It seems like we are generally afraid. A great friend of mine believes that we have lost our sense of courage. She often says that we have become a self-involved, fear-based society and that this fear keeps us completely separate. It keeps us from standing up for each other, from saying the difficult things that need to be said and from basically helping each other. The fear allows us to let our kids wander around in the cyber world aimlessly filling their growing, beautiful minds with garbage.

Have we decided to sit back and let the parenting just happen? When do we get involved? Being an involved parent and/or caring adult for a child is the hardest job in the planet and makes us go through a whirlwind of emotions that seem scary and unmanageable. Yet, the alternative to feeling the discourse is what we have now, kids who are giving us the rules and who are desensitized to violence.

What do we fear so much?

Are we so intensely afraid of the potential repercussions that we:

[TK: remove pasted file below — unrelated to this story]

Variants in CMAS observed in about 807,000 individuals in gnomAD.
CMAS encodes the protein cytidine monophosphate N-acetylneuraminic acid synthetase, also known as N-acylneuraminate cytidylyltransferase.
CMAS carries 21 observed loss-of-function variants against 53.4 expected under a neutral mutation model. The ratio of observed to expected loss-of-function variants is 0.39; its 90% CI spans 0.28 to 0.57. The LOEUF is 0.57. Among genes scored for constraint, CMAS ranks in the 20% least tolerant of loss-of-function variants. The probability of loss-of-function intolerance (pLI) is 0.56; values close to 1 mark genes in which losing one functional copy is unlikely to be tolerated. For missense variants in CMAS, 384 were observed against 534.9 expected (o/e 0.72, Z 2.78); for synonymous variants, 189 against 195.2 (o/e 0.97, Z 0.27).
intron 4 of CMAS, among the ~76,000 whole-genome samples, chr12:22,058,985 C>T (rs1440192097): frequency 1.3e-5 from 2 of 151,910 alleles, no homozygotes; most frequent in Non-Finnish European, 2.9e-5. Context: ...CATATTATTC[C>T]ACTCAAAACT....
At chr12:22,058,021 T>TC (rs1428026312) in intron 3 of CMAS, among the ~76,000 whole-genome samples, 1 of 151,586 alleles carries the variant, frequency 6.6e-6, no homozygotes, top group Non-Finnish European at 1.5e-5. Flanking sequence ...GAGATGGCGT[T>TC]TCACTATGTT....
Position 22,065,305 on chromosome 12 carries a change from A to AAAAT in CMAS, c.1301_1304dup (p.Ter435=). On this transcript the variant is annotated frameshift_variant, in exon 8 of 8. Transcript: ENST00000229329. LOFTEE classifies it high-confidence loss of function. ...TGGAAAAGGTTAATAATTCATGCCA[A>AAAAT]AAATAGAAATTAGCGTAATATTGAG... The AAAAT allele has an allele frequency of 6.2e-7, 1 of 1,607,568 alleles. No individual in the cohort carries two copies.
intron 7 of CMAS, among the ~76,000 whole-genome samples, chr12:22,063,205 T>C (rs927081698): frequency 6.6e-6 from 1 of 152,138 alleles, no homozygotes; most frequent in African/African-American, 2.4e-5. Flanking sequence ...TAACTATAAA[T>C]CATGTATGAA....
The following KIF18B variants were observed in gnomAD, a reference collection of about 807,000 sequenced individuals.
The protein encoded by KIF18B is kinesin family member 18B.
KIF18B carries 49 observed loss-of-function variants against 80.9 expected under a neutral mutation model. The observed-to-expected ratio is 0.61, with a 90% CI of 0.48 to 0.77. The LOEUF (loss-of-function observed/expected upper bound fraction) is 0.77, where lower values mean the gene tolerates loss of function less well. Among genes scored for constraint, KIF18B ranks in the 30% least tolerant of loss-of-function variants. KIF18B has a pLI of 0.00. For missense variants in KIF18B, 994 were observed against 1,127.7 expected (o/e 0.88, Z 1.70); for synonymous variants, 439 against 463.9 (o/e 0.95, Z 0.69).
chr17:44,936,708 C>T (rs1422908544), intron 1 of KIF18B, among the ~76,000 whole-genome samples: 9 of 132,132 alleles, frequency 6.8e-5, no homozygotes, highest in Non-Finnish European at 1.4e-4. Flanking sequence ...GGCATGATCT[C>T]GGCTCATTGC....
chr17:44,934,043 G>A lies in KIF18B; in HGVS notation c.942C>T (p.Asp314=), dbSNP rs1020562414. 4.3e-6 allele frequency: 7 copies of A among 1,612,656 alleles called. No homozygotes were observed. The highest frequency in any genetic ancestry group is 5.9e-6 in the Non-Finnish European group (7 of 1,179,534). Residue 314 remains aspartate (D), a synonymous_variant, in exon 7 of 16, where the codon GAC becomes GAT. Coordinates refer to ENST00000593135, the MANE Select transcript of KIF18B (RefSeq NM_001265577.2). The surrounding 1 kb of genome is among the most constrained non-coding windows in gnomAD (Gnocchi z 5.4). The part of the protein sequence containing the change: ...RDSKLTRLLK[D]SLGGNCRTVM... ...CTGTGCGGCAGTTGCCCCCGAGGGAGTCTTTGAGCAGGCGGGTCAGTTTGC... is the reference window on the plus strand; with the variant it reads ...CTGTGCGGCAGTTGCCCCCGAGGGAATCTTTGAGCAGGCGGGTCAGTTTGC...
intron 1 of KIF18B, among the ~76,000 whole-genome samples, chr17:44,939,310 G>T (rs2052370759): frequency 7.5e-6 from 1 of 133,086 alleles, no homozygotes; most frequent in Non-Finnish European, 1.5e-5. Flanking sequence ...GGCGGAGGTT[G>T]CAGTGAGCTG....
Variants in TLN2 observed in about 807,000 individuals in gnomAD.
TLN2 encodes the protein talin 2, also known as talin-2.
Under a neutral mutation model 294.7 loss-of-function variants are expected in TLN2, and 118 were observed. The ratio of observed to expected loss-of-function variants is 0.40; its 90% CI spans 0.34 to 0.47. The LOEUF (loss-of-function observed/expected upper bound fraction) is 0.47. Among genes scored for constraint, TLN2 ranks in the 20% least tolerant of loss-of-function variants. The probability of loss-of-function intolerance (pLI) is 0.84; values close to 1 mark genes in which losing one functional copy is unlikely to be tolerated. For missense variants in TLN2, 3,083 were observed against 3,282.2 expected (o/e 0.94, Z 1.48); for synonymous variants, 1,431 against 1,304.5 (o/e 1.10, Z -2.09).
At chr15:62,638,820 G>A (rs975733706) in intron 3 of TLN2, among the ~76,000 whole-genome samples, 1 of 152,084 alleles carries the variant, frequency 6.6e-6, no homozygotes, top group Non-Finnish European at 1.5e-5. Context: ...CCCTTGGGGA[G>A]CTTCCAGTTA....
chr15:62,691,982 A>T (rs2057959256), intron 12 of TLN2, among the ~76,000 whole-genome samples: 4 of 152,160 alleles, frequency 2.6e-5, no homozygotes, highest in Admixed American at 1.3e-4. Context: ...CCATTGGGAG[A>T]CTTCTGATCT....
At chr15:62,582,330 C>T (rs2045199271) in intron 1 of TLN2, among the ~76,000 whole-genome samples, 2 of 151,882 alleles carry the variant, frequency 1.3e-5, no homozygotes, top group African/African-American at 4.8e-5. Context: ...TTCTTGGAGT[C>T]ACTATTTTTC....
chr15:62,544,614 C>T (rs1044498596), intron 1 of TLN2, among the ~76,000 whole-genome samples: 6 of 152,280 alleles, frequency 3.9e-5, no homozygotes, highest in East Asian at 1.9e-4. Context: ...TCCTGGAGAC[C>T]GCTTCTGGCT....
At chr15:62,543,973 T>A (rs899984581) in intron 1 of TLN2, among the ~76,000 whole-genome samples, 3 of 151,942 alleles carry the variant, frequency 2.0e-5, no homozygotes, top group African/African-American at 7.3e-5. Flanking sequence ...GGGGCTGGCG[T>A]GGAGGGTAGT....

• are afraid to see the pain and suffering that goes on between kids and actively resolve these issues?
  • are afraid to admit that while the secret to the billon dollar advertising industry is that our brains want to buy the pretty things we see…yet we somehow believe that having our precious children interacting with severe violence and promiscuity will do them no harm?
  • are afraid to read every single post and private message of our kids on Facebook, Oovoo, Tumblr, Twitter, and their cellphones and address what we see?
  • are afraid to see how out of control the language, sexting, drama, violence, bullying has become?
  • are afraid to know the passwords of our children’s accounts and check them regularly to make sure they are protected, happy, and carefree?
  • are afraid to shut off violent video games and limit access for the developing minds of our beloved offspring?
  • are afraid to limit our children’s access to chemically-laden energy drinks?
  • are afraid to teach them how to be positive contributors in their community and world?
  • are afraid to actually resolving conflict among children and their tormentors through the use of peer mediation, conflict resolution? Why have we let the bullying problem continue and build up speed in the past three decades? Why haven’t we bounded together and demanded that any adult that is within arm’s reach of our children treat them with dignity and be committed to disallowing any form of cruelty to exist on their watch?

Are we afraid or is it that we are just too tired?